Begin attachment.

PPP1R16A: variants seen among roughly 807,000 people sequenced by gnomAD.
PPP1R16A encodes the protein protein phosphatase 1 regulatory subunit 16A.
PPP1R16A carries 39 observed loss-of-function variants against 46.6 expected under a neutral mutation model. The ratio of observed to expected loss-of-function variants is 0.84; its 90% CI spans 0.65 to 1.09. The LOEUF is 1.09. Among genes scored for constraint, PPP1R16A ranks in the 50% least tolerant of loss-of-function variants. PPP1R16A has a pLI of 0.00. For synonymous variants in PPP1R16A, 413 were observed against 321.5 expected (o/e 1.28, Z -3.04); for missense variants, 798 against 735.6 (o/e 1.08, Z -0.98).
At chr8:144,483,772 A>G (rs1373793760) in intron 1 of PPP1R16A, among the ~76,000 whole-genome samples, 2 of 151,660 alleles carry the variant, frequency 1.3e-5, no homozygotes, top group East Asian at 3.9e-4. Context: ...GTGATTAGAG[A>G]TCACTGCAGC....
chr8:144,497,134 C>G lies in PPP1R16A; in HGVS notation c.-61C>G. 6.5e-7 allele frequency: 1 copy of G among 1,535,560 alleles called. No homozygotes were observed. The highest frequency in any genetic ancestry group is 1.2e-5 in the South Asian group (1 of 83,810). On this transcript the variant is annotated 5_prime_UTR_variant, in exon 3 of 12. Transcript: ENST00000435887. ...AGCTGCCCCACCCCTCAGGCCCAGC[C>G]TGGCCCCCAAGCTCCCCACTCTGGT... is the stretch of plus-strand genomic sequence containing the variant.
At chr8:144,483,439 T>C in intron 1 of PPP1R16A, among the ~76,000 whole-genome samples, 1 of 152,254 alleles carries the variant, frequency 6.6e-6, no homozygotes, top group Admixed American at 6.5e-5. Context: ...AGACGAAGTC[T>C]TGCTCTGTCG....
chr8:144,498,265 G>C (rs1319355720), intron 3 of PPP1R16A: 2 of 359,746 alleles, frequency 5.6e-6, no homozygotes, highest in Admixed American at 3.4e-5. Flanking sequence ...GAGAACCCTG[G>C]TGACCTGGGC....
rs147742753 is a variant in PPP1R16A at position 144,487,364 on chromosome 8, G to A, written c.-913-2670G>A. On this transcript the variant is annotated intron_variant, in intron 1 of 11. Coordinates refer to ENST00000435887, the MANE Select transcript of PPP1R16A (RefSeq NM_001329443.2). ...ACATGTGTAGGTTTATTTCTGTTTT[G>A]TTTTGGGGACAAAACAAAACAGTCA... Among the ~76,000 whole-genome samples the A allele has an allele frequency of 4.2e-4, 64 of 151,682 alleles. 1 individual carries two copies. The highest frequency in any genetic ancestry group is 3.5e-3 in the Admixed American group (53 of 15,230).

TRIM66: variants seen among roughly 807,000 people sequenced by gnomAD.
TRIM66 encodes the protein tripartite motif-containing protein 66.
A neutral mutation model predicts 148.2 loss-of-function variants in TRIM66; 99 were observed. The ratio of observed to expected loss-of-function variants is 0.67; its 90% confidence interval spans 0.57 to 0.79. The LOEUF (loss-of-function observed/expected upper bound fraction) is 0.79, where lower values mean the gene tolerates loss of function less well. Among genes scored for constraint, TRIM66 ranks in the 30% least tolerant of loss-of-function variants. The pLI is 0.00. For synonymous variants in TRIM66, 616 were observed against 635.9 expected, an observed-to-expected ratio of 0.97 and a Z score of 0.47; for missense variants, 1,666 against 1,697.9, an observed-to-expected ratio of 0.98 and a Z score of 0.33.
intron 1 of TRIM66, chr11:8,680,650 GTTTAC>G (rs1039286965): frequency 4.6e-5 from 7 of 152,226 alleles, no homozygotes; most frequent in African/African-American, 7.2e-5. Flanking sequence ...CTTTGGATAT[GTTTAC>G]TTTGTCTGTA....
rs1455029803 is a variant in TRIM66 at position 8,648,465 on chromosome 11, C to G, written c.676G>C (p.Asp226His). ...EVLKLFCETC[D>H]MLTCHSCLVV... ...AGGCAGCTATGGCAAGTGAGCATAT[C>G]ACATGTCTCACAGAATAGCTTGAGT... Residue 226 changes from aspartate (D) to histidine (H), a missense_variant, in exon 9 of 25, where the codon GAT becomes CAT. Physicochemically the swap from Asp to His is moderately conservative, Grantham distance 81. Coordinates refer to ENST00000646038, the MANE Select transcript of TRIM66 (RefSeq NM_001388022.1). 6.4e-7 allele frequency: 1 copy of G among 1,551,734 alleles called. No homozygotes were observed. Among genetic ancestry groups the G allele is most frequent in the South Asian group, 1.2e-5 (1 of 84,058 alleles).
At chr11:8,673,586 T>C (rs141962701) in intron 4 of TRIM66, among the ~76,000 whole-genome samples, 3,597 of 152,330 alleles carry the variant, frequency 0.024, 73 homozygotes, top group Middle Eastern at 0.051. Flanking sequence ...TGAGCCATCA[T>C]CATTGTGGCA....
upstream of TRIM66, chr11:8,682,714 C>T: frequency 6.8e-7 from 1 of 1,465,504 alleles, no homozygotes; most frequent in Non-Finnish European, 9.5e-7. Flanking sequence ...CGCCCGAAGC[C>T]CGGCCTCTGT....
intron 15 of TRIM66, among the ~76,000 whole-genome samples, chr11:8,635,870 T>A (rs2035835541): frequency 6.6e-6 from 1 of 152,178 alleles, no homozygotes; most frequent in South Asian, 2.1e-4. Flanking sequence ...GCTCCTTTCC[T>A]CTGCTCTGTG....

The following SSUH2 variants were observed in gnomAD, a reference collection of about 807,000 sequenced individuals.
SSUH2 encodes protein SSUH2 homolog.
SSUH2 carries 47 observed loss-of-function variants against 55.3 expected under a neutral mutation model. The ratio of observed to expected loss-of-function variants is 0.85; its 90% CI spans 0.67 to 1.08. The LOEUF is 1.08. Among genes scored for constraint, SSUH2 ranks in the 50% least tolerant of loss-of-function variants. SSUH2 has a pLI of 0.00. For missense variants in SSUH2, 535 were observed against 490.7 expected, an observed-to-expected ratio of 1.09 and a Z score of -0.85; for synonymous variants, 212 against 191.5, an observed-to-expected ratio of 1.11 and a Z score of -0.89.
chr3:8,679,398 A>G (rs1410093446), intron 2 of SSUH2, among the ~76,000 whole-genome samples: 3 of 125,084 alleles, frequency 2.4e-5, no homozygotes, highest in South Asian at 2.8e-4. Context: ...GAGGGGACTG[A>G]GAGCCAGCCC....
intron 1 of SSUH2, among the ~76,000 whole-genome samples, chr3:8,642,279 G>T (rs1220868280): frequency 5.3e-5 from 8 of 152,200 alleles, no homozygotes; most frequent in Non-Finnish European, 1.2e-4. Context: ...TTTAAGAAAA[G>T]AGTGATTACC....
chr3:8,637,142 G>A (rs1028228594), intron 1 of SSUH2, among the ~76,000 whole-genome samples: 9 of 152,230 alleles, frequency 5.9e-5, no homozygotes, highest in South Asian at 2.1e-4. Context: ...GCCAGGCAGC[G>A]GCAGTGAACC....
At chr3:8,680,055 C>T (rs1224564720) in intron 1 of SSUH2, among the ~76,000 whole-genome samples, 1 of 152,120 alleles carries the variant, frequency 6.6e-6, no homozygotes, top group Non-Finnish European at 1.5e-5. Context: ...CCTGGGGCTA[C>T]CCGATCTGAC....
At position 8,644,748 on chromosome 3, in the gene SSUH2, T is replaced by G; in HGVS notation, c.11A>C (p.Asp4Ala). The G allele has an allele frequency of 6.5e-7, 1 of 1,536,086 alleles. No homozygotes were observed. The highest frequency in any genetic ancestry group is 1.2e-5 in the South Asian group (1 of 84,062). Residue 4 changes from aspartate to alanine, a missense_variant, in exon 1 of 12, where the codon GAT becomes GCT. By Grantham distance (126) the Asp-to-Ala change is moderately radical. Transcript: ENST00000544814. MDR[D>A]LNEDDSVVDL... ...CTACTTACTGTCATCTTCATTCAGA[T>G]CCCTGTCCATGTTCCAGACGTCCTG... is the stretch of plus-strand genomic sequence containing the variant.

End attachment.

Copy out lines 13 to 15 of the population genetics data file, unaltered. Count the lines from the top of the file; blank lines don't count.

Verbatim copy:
rs1455029803 is a variant in TRIM66 at position 8,648,465 on chromosome 11, C to G, written c.676G>C (p.Asp226His). ...EVLKLFCETC[D>H]MLTCHSCLVV... ...AGGCAGCTATGGCAAGTGAGCATAT[C>G]ACATGTCTCACAGAATAGCTTGAGT... Residue 226 changes from aspartate (D) to histidine (H), a missense_variant, in exon 9 of 25, where the codon GAT becomes CAT. Physicochemically the swap from Asp to His is moderately conservative, Grantham distance 81. Coordinates refer to ENST00000646038, the MANE Select transcript of TRIM66 (RefSeq NM_001388022.1). 6.4e-7 allele frequency: 1 copy of G among 1,551,734 alleles called. No homozygotes were observed. Among genetic ancestry groups the G allele is most frequent in the South Asian group, 1.2e-5 (1 of 84,058 alleles).
At chr11:8,673,586 T>C (rs141962701) in intron 4 of TRIM66, among the ~76,000 whole-genome samples, 3,597 of 152,330 alleles carry the variant, frequency 0.024, 73 homozygotes, top group Middle Eastern at 0.051. Flanking sequence ...TGAGCCATCA[T>C]CATTGTGGCA....
upstream of TRIM66, chr11:8,682,714 C>T: frequency 6.8e-7 from 1 of 1,465,504 alleles, no homozygotes; most frequent in Non-Finnish European, 9.5e-7. Flanking sequence ...CGCCCGAAGC[C>T]CGGCCTCTGT....